Wavelength Detector

Hey! I'm using photodiodes to detect the light emitted from a laser diode, however I would like to cut off the ambient light intervening with the laser's light. Are there IC's to detect a certain wavelength or is there a way to build a frequency/wavelength detector circuit?

Thanks.

Hi,

Often an optical filter would be used. You can also use a 'hood' that blocks out ambient light coming in from the top and sides which can be a simple pipe with the inside painted flat black. The laser is then aimed so that it shines down the pipe to the sensor.

Are there IC's to detect a certain wavelength or is there a way to build a frequency/wavelength detector circuit?

No. Not a circuit. You can build an optical interference filter tuned to the laser's wavelength if you have a vacuum deposition chamber.

However, if you modulate the laser you can put the signal from the sensor through a band pass filter with gain tuned to the frequency of that modulation.

You can use a diffraction grating to measure the wavelength. No need for electronics.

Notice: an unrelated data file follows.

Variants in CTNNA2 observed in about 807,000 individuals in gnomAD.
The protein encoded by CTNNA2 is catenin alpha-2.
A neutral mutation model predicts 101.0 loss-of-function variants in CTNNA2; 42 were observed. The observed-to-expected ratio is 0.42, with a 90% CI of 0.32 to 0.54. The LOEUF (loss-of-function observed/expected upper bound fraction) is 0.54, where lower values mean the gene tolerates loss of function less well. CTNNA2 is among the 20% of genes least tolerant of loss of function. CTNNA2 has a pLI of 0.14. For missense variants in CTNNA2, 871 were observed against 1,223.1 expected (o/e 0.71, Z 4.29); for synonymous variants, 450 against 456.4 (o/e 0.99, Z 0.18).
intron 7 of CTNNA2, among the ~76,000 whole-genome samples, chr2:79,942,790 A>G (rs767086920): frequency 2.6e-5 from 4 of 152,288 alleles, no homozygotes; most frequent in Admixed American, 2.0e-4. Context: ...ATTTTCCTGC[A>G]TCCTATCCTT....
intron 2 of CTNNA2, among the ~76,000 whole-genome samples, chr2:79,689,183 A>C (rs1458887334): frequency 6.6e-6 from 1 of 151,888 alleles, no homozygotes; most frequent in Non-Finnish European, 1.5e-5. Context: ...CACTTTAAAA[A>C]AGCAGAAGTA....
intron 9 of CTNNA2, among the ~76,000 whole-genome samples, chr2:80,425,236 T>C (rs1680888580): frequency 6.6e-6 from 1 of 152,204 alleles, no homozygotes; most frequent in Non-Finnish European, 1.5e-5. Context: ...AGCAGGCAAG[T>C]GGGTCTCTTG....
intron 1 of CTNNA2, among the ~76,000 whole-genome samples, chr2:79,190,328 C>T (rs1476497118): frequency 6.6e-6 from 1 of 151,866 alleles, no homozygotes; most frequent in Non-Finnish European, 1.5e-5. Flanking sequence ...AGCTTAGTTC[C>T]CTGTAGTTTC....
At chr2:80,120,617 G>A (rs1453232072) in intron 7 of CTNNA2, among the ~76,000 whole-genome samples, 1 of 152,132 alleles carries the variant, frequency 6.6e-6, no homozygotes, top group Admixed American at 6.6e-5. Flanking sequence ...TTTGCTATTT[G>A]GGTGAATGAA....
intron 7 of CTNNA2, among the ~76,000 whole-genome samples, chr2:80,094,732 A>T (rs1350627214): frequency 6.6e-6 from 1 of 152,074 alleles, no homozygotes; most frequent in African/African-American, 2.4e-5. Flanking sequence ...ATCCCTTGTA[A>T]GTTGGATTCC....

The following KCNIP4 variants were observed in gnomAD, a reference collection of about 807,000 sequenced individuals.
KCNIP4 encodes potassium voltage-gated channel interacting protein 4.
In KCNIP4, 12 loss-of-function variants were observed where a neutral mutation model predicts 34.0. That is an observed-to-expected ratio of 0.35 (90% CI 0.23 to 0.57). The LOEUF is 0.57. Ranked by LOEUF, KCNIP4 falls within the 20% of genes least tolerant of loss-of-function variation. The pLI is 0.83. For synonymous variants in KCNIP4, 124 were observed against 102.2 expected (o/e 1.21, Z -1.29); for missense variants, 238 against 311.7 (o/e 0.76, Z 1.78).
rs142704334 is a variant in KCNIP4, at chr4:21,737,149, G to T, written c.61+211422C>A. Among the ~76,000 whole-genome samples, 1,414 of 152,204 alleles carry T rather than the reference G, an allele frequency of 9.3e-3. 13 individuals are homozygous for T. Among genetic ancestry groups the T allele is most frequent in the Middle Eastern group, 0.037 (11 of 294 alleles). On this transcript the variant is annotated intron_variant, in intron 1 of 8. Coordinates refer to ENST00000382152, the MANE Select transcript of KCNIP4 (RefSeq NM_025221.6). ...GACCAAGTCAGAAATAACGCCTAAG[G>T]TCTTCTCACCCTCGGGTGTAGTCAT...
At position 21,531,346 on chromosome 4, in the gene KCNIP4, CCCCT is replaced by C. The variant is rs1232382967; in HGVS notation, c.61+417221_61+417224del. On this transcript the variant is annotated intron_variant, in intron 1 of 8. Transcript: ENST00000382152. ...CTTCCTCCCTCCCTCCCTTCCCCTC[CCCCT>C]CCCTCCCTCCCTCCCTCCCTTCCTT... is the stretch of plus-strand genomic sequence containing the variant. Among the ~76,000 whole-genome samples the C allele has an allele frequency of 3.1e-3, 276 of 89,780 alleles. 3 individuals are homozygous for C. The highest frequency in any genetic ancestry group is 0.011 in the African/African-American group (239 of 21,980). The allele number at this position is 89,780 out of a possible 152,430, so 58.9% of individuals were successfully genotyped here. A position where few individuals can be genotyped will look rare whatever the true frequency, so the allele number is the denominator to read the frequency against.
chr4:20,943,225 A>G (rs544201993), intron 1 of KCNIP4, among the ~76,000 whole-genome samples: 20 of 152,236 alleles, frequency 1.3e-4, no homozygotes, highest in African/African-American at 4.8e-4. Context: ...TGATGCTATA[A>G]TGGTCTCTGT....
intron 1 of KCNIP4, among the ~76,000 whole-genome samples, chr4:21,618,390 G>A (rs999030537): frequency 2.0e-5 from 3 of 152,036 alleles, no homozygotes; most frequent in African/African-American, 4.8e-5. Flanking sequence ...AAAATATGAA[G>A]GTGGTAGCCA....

Turn the laser on and off in a defined pattern. Observe that the detector output has the same pattern. Now you are synchronised and you can detect the laser reliably in the current ambient light condition. If the detector doesn't have the same pattern then either the path is blocked or your ambient light is too bright and the detector is stuck at max.

Perhaps you find some ideas here: https://www.youtube.com/watch?v=PIn00-qW5WI&t=18s

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Custom optical narrowband filters are very expensive. But cruder optical filters will help a little (ie a red filter for red laser, even if its not a narrowband red).

Modulation is probably the way to go, you just need a frequency that's not present in the ambient illumination (ie not a harmonic of the mains frequency).

islamkarim95: Hey! I'm using photodiodes to detect the light emitted from a laser diode...

Sounds like an XY problem. What do you really want to do. Beambreak? A laser might not be the answer. Leo..